Emergency Service Workers

Emergency Service Workers (ESW) are at an increased risk of exposure to infectious diseases. The risk of exposure can be reduced with the implementation of proper health and safety programs designed to protect workers from infectious diseases. The role of the Designated Officer in such programs is essential.

As part of the Health Unit’s role in supporting our area Designated Officers, the resources listed below are available to you. These resources will assist the Designated Officer in assessing and managing exposures to infectious diseases to protect the health of the workers and to prevent further spread of infectious organisms. The Health Unit will not gather information from the ESW who was exposed; this is the role of the Designated Officer/supervisor.


Mandatory Blood Testing Act

To qualify, the exposed person (referred to as the applicant) must apply to the Medical Officers of Health at the local Public Health Unit where the source resides.

The applicant must have come into contact with a bodily substance from the source (referred to as the respondent) in any of the following circumstances:

  • As a results of being a victim of crime,
  • While providing emergency health services or emergency first aid to the person, or
  • In the course of his or her duties, if he or she belongs to an identified group of individuals, including:
    • Members of the College of Nurses of Ontario,
    • Members of the College of Physician and Surgeons of Ontario, Medical students in training,
    • Firefighters (including volunteer),
    • Paramedics and emergency medical attendants,
    • Persons, who are employed in a correctional institution, place of open custody, or place of secure custody,
    • Police officers, civilian employees of a police service, or
    • First Nations constables and auxiliary members of a police service.

The documents required by the Mandatory Blood Testing Act are to be submitted to the Medical Officer of Health in the respondent’s local Public Health Unit no more than 30 calendar days after occurrence.  If forms are not completed and provided to the Medical Officer of Health within this time period, the Mandatory Blood Testing Act process cannot proceed.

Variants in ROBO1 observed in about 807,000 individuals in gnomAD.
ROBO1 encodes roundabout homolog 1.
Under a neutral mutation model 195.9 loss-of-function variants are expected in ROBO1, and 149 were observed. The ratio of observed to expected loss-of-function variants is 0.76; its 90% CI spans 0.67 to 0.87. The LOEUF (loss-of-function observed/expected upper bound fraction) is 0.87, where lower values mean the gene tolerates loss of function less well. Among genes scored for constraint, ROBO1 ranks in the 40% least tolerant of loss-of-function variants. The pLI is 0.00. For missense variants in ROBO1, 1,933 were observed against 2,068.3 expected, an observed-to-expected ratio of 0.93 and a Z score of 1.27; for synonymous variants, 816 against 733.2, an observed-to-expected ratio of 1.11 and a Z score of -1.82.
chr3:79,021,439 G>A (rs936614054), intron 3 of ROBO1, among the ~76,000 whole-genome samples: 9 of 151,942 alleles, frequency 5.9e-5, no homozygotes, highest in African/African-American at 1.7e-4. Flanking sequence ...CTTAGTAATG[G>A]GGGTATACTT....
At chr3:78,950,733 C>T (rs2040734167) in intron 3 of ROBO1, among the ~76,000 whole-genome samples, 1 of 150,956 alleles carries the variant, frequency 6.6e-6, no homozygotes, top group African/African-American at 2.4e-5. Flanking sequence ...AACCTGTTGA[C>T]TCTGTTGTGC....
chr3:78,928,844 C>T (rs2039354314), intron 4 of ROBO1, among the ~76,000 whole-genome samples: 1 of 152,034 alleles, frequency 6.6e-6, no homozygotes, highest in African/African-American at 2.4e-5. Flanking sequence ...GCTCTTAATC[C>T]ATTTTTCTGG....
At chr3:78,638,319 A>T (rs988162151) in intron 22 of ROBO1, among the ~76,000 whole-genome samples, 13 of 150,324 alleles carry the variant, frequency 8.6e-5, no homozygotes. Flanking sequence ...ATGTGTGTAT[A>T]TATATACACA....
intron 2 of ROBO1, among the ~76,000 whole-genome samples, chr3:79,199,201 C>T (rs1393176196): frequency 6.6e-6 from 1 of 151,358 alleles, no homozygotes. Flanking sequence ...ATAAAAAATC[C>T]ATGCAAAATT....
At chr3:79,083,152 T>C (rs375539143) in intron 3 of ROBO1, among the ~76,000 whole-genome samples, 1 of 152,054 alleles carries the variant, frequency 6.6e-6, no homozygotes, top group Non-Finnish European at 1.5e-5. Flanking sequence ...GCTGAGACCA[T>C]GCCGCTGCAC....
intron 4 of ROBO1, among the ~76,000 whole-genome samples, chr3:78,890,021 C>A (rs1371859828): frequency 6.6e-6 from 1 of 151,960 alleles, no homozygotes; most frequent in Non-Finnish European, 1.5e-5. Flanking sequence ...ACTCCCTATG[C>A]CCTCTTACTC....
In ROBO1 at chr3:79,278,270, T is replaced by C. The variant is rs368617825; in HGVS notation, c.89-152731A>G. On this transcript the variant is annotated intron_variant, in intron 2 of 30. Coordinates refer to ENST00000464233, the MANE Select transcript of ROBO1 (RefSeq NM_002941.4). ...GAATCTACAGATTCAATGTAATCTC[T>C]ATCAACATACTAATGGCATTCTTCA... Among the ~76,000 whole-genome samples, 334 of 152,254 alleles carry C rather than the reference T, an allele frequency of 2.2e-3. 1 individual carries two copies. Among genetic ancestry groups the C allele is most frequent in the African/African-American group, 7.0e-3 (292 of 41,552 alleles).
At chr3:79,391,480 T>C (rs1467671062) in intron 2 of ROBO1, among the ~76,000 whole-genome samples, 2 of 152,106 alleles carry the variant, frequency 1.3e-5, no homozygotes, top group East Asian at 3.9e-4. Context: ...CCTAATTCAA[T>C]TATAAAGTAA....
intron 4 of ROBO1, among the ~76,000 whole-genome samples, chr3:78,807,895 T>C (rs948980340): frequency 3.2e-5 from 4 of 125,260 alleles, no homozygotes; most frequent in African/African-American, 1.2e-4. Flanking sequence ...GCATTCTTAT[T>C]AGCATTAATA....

Additional Information on the Mandatory Blood Testing Act:


Steps to Take Following a Blood or Body Fluid Exposure

  1. Report Exposure to your Designated Officer or Supervisor
  2. Follow the What To Do Next...After an exposure to potential blood borne infections
  3. Complete the Designated Officer Incident Exposure Report Form
  4. If the exposed person wishes to pursue the Mandatory Blood Testing Act, Form 1 – Physician Report AND Form 2 – Applicant Report must be completed and submitted to the respondent’s local Public Health Unit no more than 30 calendar days after the occurrence. These forms can be found at: Ontario Central Forms Repository - Form Search Results (gov.on.ca)


Note:  If completing the Mandatory Blood Testing Act Forms, the designated officer does not need to complete the GBHU Incident Exposure Report form.


Designated Officer Training



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